Down deep inside I was tangled up.
My thoughts were all confused.
Filled with hate and angry words,
Beaten down, abused.

Fear and shame they covered me
‘Til I could hardly stand.
Then Jesus met me where I was
And took me by the hand.

Darkness tried to take my mind,
And I was givin’ in.
Hope did not exist for me —
Only guilt and sin.

Life was such a struggle.
There seemed to be no way out.
Then Jesus met me where I was,
And I began to shout.

I called on Him to help me
And prayed the sinner’s prayer.
I placed my faith upon Him,
Put myself into His care.

Abundant life is mine at last.
His peace He left with me.
I’m Spirit-filled, aglow with joy
Since Jesus set me free.

Justified, born again.
A new creation just-as-if-I’d never sinned.
Justified, born again.
Sweet Jesus holds me close to him.

“Know ye not that the unrighteous shall not inherit the kingdom of God? Be not deceived: neither fornicators, nor idolaters, nor adulterers, nor effeminate, nor abusers of themselves with mankind, nor thieves, nor covetous, nor drunkards, nor revilers, nor extortioners, shall inherit the kingdom of God.

And such were some of you: but ye are washed, but ye are sanctified, but ye are justified in the name of the Lord Jesus, and by the Spirit of our God.” — 1 Corinthians 6:9-11 (KJV)


First Argument

“Well, you just go on and do what you need to do. I’m calling my mother.”

It was their first argument, and my daughter did what any young wife would do. She called her mother. It was late at night, and I had settled down for a long winter’s nap when I received her call.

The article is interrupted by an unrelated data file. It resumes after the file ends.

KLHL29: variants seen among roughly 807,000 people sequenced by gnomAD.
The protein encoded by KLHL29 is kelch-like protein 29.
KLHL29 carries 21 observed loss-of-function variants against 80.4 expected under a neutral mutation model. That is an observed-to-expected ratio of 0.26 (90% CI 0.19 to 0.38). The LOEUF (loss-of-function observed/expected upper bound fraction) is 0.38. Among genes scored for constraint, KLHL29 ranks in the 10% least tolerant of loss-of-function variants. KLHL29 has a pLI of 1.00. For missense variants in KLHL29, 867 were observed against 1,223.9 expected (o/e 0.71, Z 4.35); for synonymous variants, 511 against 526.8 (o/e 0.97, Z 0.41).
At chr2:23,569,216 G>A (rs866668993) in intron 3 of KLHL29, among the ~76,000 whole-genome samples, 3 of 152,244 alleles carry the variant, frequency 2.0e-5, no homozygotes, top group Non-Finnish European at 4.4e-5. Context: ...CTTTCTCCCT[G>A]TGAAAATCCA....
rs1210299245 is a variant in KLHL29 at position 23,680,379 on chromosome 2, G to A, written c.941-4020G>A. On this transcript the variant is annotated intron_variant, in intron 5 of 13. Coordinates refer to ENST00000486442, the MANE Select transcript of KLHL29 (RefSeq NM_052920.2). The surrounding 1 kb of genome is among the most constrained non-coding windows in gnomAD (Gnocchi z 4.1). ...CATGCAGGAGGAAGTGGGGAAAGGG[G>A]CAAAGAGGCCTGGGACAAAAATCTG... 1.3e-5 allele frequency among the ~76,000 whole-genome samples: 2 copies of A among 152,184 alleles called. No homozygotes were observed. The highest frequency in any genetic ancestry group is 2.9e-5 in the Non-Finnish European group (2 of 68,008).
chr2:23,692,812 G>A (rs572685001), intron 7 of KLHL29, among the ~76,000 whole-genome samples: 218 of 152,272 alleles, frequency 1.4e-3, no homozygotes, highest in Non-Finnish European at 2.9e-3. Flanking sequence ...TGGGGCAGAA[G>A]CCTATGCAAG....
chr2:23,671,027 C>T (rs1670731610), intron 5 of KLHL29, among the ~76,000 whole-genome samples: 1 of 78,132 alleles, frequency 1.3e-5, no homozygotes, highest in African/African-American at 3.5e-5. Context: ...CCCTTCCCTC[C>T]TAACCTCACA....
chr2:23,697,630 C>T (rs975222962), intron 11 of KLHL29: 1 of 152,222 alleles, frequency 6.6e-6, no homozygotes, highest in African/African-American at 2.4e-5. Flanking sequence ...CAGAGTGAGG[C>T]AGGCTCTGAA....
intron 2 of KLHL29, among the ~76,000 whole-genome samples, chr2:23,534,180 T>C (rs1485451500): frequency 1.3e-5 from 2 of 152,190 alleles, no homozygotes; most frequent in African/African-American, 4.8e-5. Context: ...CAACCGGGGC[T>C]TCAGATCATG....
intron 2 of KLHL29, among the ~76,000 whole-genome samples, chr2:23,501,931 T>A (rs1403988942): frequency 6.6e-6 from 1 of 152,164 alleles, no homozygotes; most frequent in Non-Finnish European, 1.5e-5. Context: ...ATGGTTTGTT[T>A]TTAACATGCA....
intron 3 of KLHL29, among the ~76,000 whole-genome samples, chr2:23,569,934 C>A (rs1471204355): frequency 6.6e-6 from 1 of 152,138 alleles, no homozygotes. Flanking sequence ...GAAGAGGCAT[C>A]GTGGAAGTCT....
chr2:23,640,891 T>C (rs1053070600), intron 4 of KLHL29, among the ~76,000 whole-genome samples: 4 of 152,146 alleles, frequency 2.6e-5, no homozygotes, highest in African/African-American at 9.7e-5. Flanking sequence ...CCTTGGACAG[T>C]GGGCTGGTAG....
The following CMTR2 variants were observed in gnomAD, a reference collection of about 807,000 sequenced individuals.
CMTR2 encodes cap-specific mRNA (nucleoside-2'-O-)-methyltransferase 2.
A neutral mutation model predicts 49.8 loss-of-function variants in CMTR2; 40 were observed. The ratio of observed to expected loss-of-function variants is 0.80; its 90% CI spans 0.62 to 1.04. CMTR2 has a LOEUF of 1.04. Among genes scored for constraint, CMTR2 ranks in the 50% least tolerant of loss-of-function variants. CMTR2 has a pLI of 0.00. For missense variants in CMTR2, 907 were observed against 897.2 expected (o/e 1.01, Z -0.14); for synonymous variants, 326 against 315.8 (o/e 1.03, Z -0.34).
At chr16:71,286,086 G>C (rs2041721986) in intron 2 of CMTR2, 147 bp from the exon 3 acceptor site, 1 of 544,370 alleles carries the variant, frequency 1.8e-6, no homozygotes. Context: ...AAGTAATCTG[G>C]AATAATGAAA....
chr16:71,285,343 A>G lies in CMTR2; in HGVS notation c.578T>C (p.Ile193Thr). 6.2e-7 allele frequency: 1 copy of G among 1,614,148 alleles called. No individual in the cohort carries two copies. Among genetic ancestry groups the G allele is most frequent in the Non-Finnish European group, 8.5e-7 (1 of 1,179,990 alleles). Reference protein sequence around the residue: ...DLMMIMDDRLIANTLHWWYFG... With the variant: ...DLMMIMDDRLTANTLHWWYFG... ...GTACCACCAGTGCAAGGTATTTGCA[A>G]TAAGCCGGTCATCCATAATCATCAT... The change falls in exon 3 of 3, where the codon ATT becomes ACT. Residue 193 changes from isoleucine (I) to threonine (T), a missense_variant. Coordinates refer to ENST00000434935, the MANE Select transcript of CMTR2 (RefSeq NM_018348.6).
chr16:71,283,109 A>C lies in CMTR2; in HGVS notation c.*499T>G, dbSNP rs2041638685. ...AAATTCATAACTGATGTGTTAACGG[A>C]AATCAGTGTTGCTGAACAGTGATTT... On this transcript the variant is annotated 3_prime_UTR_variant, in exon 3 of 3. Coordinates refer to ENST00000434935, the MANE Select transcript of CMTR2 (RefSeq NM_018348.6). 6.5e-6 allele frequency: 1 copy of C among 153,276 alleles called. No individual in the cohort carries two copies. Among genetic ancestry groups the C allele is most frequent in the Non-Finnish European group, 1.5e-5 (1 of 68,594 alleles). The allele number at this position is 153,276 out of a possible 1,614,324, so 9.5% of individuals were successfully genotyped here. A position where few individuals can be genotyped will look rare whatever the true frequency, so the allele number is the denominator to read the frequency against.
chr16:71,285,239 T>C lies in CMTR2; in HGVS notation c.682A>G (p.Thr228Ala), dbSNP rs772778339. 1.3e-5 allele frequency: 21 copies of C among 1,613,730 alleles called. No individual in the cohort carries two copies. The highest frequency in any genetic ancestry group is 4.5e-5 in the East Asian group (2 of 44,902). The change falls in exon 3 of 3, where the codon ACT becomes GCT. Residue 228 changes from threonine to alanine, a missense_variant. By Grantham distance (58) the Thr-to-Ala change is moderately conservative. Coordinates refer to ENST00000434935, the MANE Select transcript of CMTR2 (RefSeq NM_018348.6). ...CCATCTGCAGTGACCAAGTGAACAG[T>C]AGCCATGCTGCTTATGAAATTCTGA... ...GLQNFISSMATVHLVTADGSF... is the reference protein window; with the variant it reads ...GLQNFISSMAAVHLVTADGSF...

“Oh, Mom, it was terrible. We went to the Christmas party, and everybody was really nice. They loved seeing the baby. Then he disappeared for the whole evening. He talked to everyone in the room except me! It was awful.

“Well, when we got in the car, I let him have it. ‘You had better learn to treat your wife with a little respect,’ I told him. We were stopped at a stoplight, and all of a sudden somebody rear-ended us. That’s when I really let him have it.

“ ’See? That’s what you get for not speaking to your wife all night. Your baby is in the car. She could have been injured. Oh, God is watching you.’ ”

I interrupted her tirade to ask, “Where is he now? What’s he doing?”

“He’s in the bedroom with the door closed … praying.”

“Oh, that’s good,” I reassured her. “God will tell him you were right. Goodnight, honey.”

And that’s what happened. And he asked for forgiveness. And she forgave him. And they got the car fixed. And they lived happily until the next time.

But I didn’t receive any more late night calls about arguments. I guess when they had a disagreement, he just prayed until God told him she was right.


“May the God who gives endurance and encouragement give you a spirit of unity among yourselves as you follow Christ Jesus, so that with one heart and mouth you may glorify the God and Father of our Lord Jesus Christ.

Accept one another, then, just as Christ accepted you, in order to bring praise to God.”
— Romans 15:5-7 (NIV)

Grandmother Time

Out with the old! In with the new! I haven’t stayed awake until midnight on New Year’s Eve since I got into trouble in West Tennessee.

My daughter and son-in-law had scheduled a lock-in for December 31. A lock-in is a giant party for the youth and their friends. They are “locked in” (not really) the church gym until the sun comes up. It’s an entire night of games, activities, music, pizza and lots of chocolate!

The kids love it. The youth leaders love it. The parent sponsors love it … until they start yawning … usually around 9:30 or 10:00.

I drove down to my daughter’s house to stay with my granddaughter who was four or five at the time. She wanted to stay up until midnight, so we did. We made party hats, ate anything we wanted to, played anything we wanted to, and had as much fun as two girls can!

At midnight we blew the horns, rang the bells, twisted the noisemakers, clacked the clackers and exploded poppers and pull-aparts all over the house. I laughed ‘til I cried. Then we went to bed. We were exhausted.